catapult magazine

catapult magazine

Vol 8, Num 10 :: 2009.05.08 — 2009.05.22


Evil Genius series is conscious techno-fiction

Genius Squad (2008) is the second volume in Australian author Catherine Jinks’ Evil Genius series. Genius Squad continues the adventures of fifteen-year-old brilliant systems analyst Cadel Piggot that began in Evil Genius (2007). In this young adult novel, Piggot is trying to find a new, honest path for himself, but the most interesting thing he can find to do, since geniuses bore easily, necessitates deceiving the only two adults he trusts. Detective Saul Greeniaus and social worker Fiona Currey, the adults he trusts, are responsible for Cadel’s protection as he waits to testify in Prosper English’s trial.

So when Cadel is given an opportunity to leave his foster parents and bullying foster brother in order to join a group home, he takes it. However, this is not a conventional group home. Clearview House is a front for the Genius Squad, a group of very intelligent teenagers, who, under the leadership of several adults, are employed by the American billionaire Rex Austin in order to avenge his son’s death. The Genius Squad, unknown to Greeniaus and Currey, is responsible to take down GenoME as it opens its first Australian office, since Austin suspects them in the death of his son. Cadel takes the opportunity, but mostly because he wants to be able to spend more time with his friend Sonja, a math genius, quadriplegic, member of the squad. He also wants to have something to do, and his ability to understand systems and use computers is a boon to the project.

However, just when the Genius Squad is about to get their break, Prosper English escapes from jail and kidnaps Cadel and Sonia. The pair are rescued by Detective Greeniaus, and though English escapes a second time, the story ends happily with Greeniaus and Currey’s engagement announcement and Cadel’s acceptance of their offer to adopt him once they marry. The third volume of the series, Genius War, will follow soon.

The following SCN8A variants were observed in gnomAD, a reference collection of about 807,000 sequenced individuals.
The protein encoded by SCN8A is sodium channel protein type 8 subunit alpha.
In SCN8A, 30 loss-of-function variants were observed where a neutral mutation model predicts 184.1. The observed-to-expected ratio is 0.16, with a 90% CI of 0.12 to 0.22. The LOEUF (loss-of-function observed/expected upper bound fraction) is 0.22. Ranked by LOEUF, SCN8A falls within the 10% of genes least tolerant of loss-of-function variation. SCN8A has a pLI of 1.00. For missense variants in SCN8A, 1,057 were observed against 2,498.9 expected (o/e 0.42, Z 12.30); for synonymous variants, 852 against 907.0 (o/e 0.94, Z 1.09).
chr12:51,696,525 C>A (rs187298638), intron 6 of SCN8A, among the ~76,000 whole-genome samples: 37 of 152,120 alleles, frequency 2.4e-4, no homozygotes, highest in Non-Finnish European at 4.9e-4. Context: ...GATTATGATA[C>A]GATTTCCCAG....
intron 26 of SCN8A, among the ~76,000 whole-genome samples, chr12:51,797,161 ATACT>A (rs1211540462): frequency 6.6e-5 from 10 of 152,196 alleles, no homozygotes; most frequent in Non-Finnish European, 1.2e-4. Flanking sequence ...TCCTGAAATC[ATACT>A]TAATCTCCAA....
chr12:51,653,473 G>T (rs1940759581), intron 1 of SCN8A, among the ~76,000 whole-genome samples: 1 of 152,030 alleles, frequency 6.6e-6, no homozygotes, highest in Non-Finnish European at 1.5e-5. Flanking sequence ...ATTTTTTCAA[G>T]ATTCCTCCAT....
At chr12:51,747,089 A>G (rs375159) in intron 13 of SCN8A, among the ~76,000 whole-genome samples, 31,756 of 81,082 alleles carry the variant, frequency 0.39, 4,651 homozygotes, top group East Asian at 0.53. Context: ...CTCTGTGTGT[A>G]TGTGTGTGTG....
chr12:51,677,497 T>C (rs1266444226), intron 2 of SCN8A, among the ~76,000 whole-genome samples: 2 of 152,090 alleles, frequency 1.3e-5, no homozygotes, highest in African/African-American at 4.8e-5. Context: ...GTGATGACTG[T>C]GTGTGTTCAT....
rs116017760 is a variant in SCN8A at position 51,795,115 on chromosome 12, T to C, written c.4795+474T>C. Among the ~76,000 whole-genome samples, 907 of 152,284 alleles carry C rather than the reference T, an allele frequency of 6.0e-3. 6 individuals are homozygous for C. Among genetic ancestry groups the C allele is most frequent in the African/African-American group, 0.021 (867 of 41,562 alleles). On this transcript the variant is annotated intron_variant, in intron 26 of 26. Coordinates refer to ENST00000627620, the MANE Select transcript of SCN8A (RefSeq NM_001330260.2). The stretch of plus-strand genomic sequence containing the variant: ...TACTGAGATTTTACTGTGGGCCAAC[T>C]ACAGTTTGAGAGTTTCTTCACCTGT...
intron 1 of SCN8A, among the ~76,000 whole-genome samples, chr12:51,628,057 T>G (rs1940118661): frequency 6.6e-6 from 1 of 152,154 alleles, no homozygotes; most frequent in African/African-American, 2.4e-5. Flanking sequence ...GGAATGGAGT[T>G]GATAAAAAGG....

Genius Squad is kept in the science fiction section at the library, but this is not a suitable categorization. The fact that teenagers can do advanced math in their head or hack into government computer software is not science fiction. If anything, this is “techno-fiction,” since the story utilizes known or easily imagined ways of using computers. There is little technological speculation, no new scientific principles, and no contradiction of the laws of nature within the story. The primary science fiction in this novel is that one adult could supervise seven troubled teenagers in a small computer lab for hours on end without discipline problems.

This is an adventure novel. Cadel dresses in a disguise. He makes a Pop Tart blowtorch. He hooks up an old PalmPilot to a gaming system to send an S.O.S. message to his friends. And the world is fun to imagine-computer misfits living together in an old house with a “War Room” (jacked-up computer lab) in the basement, hidden by a fake pantry. There’s car theft and chloroform and abuse of the handicapped.

Yes, abuse, and this is what makes English such a despicable character. The most interesting and unique aspect of this book, I believe, is the character Sonja. Sonja cannot speak without help from her Dyna Vox, nor can she care for herself physically in any way. But Cadel is her friend, and when others call him her boyfriend, he does not cringe or act embarrassed. It is rare characters with such challenging disabilities appear in young adult fiction. But Jinks gives us Sonja-a loving, smart, stubborn young woman. And Cadel cares about her, enough to endanger his own life and demonstrate true compassion. Whether Genius Squad is considered science fiction or adventure, readers will be struck by the unique relationship of Cadel and Sonja. Perhaps, in the real future, Jinks will write Genius Pair.

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